Our time in Moulay Idriss was wonderful in no small part thanks to Dar Zerhoune.
We knew that we would be back to enjoy more of what this wonderful place has to offer.
Everest Base Camp, Nepal
Mount Everest is known by all as the highest peak in the world, it is known by climbers and adventurers however as an immense challenge that is best left to the professionals. A classic Himalayan trek with incredible views and rewards that can be enjoyed by all adventure enthusiasts is a trek to Everest Base Camp. Trek takes you through an exciting forest and over mountains giving you stunning views of the surrounding peaks whilst the dramatic landscape around you changes as you continue to climb higher and higher up the Khumbu Valley.
Grand Canyon, Colorado
For adventurers, the most exciting way to appreciate the Grand Canyon’s natural capacity and power is to raft through it; the Colorado River through canyon is one of the wildest stretches of white water in the United States. The full journey through the canyon (from Lees Ferry to Lake Mead) is 275 miles in length and makes for a challenging, fun adventure with some staggering scenery, white-water thrills, and magical hikes.
Masai Mara Safari, Kenya
For a safari with real-life, thrilling adventure try a Masai Mara Safari. The Masai Mara reserve is one of the best destinations in the world for viewing wildlife in its natural habitat and offers plenty to see. During the winter months, it’s easy to assume that all will be quiet on the reserve however you couldn’t be more wrong. Many tourists aim to target their trip to coincide with the migration season but there is life to be seen throughout the year. Between August and November, you can spot the two million wildebeest charge across the green-land as they migrate from the Serengeti in search of water, or in spring, experience the first sightings of new-born life. For frightening thrills, predators such as lions, cheetahs and leopards can be spotted prowling the terrain whilst graceful giraffes can be found flaunting their astonishing stature.
Inca Trail, Peru
Being the best-known and most popular hike on the South-American continent, the Inca Trail is an exhilarating, challenging and unforgettable experience. The journey starts in the village of Qorihuayrachina and takes three or four days of strenuous walking to complete. The trail is surrounded by breathtaking scenery, crossing the Andes mountain range and sections of the Peruvian jungle and rain forest Ending at the old citadel of Machu Picchu provides a rewarding finale and time to discover the ancient citadel. Together, the Inca Trail and Machu Picchu make up one of the wonders of the world.
Great Barrier Reef, Australia
Australia’s Great Barrier Reef is the world’s largest coral reef, covering over 350,000 square kilometers of the sea and is the only living collection of organisms that are visible from Earth’s orbit. Most of the Reef’s diversity occurs in the top 4 meters of water and the best way to experience this is by snorkeling The reef is believed to be the densest assemblage of living organisms to be found in any comparable area in the world thus the thousands of beautiful coral gardens and abundant marine life will leave you mesmerized.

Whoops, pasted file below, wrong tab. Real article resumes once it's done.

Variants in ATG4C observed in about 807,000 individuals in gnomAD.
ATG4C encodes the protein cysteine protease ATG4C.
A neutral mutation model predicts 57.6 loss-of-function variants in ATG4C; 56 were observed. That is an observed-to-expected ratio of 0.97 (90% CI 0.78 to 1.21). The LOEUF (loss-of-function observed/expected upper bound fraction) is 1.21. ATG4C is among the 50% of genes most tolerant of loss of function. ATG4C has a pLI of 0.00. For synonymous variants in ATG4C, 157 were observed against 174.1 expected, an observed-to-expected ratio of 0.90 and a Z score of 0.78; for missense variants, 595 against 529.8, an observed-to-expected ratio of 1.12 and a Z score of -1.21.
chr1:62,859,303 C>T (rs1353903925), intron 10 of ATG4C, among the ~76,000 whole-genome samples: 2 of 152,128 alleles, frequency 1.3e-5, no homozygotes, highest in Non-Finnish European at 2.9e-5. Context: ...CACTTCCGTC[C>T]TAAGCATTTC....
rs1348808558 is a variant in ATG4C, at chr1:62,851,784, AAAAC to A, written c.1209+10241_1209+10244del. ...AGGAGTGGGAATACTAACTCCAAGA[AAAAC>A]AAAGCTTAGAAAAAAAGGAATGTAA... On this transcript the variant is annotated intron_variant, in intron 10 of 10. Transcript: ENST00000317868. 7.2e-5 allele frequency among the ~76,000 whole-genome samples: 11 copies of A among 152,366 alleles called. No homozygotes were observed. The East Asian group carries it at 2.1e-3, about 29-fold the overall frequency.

Montezuma’s revenge, Delhi belly, Hong Kong dog, Tiki trots, Casablanca crud, Katmandu quickstep. But travelers from Mexico, India, Nepal, Morocco, and other places might call it the ‘Lincoln’s Loose Logs’ or ‘Shock and Awe’, because they can get it when they visit the United States too.
One of the likely challenges a traveler may face as he embarks on either business or leisure travel pertains to his health. A major occurrence is diarrhea. This is the passage of semi-formed or watery stool. Most times, it calls for urgency and the affected person may not be able to hold it for sometime as may be done for a normal pooping. At times it happens amidst vomiting, flatulence and abdominal pain which may last for 3 to 4 days. Hence, it is necessary for travelers to ensure that this ugly experience does not occur during traveling.
Bacteria are the most common microbe that cause diarrhea. However, it may also be caused by other parasites and viruses.
The destination actually is also a major factor on which contracting the runs depends. According to the Center for Disease Control and Prevention, over 30 to 50% of travelers will contract diarrhea during a stay of 1 to 2 weeks in some areas of high risk. The risk also varies from time to time in temperate climates.
Places of low risk
Truly, there are some countries of the world with very low prevalence of diarrhea. The United States, Canada, Australia, New Zealand, Japan and countries in northern and western Europe fall under this category.This doesn’t mean people don’t poop their pants in these countries though.
Places of intermediate risk
Some of the places where risk of diarrhea is average are places like Eastern Europe, South Africa, and the Caribbean Islands. Chances are that you will just have average amounts of flatulence in these places too.
Places of high risk
Areas in the world with high risk of diarrhea are Africa, Asia, Middle East, also Central and South America. This isn’t because of the people in these countries it’s because the rich countries of the world have generally treated these countries like shit thus leading to the current loose stools in these places.
Causes of the runs:
The chief cause of diarrhea is intake of contaminated food and this is because of the presence of bacteria. Some of the bacteria that may cause this ailment are:
Enterotoxigenic E.coli (ETEC) requires large inoculum to get the disease. This is common in developing countries due to low sanitation efforts. It is characterized by frequent stooling, abdominal pain and low-grade fever.